One of my colleagues contacted Sonoraville Elementary Principal Elizabeth Anderson to ask how they might help. None of us really know how we will react when danger threatens. Will our first thoughts be to protect ourselves or will we fight our fears and do what we can to protect others? John Wayne said “courage is being scared to death but saddling up anyway.”
This story is about heroes at Sonoraville Elementary School.
Dr. Anderson wrote:
“I would be honored for you to share this. When I wrote this it was to convey what everyone did in our building that day. Our society should know what educators do every day for children.”
Thank you for asking about our area. The Sonoraville community was devastated last week by the tornado. My family advocate, counselor and county social worker continue to make home visits and locate all those impacted by the storm. The damage to many homes was more far reaching than we had originally thought. We are a resilient community and the volunteers have been amazing. We are so appreciative. I would like to brag on our faculty, staff, and students. I think as a principal, you often wonder what the reaction of everyone will be when a crisis happens (you always..what if ?). We were in dark hallways and other areas for approximately two hours and lost all forms of communication.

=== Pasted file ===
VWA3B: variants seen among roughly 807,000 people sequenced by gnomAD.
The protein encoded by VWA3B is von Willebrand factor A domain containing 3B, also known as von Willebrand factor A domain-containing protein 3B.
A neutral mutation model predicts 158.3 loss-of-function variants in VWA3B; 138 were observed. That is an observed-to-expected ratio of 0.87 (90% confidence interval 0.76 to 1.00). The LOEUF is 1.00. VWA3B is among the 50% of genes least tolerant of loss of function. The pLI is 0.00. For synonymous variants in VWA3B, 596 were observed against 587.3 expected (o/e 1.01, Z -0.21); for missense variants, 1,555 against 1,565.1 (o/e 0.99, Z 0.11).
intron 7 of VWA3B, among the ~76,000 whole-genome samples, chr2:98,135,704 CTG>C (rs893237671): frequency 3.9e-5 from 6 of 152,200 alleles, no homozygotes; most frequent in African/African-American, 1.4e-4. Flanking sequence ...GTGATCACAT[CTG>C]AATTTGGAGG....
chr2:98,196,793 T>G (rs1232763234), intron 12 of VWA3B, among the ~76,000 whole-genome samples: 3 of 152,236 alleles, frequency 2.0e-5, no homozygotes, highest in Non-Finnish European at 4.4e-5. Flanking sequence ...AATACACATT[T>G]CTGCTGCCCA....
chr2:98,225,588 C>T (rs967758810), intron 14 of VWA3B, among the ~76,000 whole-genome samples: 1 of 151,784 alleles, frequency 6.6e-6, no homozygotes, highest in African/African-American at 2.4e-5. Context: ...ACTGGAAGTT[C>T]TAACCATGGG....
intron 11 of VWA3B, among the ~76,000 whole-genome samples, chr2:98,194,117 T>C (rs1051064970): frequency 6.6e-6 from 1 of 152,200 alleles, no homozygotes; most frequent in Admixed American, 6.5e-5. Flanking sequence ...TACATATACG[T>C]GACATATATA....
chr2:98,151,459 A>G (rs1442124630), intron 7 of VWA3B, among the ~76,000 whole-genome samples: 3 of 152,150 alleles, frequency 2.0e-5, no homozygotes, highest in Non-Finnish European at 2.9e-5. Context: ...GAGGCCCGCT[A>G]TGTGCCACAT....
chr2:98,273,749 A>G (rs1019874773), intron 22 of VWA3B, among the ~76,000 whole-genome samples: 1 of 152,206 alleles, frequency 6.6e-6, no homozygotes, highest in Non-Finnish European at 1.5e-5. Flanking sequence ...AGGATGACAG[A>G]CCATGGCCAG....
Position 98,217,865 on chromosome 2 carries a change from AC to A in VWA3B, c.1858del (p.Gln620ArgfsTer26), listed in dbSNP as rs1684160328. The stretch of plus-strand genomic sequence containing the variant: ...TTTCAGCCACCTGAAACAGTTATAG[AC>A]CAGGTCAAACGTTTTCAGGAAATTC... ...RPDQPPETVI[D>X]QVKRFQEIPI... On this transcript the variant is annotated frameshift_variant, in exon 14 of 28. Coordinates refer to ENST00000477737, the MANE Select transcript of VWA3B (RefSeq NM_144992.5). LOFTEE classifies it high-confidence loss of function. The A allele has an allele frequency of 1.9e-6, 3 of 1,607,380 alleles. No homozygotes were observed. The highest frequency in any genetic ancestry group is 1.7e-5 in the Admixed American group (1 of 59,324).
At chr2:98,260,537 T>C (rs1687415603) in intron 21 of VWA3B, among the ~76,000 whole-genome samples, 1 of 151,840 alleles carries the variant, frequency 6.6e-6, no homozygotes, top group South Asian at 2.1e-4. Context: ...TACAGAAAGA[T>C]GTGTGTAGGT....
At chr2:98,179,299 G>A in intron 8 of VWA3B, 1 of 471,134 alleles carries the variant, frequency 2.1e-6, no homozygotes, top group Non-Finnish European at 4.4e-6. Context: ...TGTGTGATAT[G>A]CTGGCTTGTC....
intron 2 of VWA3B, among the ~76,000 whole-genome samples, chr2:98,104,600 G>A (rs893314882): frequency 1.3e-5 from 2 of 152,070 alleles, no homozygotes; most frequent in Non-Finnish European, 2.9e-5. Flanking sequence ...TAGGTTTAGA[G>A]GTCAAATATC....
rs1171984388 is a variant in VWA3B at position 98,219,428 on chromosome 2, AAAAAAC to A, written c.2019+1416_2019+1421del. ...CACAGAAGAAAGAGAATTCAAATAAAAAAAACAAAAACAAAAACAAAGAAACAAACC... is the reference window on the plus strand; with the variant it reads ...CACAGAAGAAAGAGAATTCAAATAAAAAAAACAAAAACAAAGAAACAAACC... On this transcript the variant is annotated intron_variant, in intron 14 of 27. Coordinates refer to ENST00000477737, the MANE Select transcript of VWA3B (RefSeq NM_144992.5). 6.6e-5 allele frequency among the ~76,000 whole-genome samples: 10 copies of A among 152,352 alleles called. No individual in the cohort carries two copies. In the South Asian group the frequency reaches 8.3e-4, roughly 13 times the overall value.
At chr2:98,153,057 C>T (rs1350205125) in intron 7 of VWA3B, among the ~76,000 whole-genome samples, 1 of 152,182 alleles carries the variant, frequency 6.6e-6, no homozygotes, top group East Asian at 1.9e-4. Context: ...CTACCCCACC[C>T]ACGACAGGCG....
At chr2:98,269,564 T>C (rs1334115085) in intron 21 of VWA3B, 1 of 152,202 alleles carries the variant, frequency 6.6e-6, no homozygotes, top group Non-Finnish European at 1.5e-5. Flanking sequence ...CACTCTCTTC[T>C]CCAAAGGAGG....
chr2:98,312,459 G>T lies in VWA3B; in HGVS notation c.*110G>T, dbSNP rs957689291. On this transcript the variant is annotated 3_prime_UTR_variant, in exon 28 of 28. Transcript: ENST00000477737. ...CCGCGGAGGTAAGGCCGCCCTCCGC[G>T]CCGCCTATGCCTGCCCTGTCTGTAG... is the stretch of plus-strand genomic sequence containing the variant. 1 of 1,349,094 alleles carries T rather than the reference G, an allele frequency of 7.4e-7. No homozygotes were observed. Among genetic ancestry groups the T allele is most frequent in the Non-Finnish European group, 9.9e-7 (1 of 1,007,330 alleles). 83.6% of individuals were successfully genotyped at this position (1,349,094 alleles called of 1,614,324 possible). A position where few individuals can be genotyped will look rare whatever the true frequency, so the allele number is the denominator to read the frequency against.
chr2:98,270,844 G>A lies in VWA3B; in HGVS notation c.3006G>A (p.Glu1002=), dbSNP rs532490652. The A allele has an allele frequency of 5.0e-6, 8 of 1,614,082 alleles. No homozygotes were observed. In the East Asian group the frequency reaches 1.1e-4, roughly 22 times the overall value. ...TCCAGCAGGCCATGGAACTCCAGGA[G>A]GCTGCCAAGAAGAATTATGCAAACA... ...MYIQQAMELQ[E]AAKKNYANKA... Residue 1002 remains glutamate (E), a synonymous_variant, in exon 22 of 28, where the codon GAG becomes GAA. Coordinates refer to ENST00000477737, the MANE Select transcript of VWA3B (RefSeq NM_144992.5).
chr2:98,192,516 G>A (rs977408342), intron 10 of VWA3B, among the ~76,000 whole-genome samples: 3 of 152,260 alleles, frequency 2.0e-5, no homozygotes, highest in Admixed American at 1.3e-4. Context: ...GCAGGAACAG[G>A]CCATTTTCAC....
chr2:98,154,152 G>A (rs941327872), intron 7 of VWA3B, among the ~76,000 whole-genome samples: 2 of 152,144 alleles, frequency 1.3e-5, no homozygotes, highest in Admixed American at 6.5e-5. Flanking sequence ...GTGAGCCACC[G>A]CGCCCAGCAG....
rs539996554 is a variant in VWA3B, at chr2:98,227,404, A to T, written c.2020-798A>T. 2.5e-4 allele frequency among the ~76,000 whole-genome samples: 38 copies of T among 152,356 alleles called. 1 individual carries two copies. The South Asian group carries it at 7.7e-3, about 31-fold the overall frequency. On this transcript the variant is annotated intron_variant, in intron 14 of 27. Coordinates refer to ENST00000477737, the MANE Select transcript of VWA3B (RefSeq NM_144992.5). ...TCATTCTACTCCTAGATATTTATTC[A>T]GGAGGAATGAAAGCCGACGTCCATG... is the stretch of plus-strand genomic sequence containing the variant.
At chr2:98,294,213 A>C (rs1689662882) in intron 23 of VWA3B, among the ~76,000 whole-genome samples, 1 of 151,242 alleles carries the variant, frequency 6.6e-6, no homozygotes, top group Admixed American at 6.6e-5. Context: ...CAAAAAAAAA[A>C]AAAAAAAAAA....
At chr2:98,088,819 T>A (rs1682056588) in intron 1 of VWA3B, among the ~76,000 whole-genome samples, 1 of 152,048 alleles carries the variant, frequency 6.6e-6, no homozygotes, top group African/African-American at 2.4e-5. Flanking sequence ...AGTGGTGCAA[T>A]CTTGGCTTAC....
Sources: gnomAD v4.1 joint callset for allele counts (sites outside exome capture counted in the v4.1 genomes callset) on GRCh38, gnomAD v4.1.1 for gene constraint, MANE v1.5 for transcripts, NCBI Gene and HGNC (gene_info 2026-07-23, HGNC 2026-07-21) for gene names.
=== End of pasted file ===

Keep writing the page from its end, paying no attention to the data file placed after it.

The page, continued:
As the tornado spiraled in our direction, everyone was safely huddled in hallways, bathrooms, and practice rooms. Adults took little ones in their laps and covered them with their bodies. Many adults rocked small children and used soothing tones as they waited in cramped spaces. Our nurse remembered medical needs and tended to those in the darkness. A teacher and her paraprofessional drew blood from a diabetic child to make sure he stayed healthy during the storm. A fourth grade teacher prayed with her students when they questioned what would happen if they died. Once the warning was lifted and we proceeded back to our dark classrooms, the heroism did not cease.
Everyone pitched in to serve lunches and aid in a dark dismissal with no means of mass communication. Many adults had learned they had severely damaged homes, but never once did they ask to leave their students. They all stayed until students had been safely removed from campus. Many said we are here to the end, and they were. Our students assisted each other and each one stepped up that day.
Words will never be able to capture the spirit of Sonoraville Elementary School that day. Following the storm, our people have cleaned, served meals, donated money, resources, and so much more. As their principal, I am one of the luckiest people on earth to say they are mine. So, this February’s Board of Education report’s classified and certified personnel of the month is all of Sonoraville Elementary School. What do Phoenixes do? They rise up…yes they do.”
Stories like this restore my faith in what teachers do. They remind us of why we went into teaching in the first place, and why we spend our lives helping other peoples’ children. They took care of other peoples’ kids because it’s not their job, it’s their calling. John Wayne smiles down on heroes like these.
–From Maureen Downey, for the AJC Get Schooled blog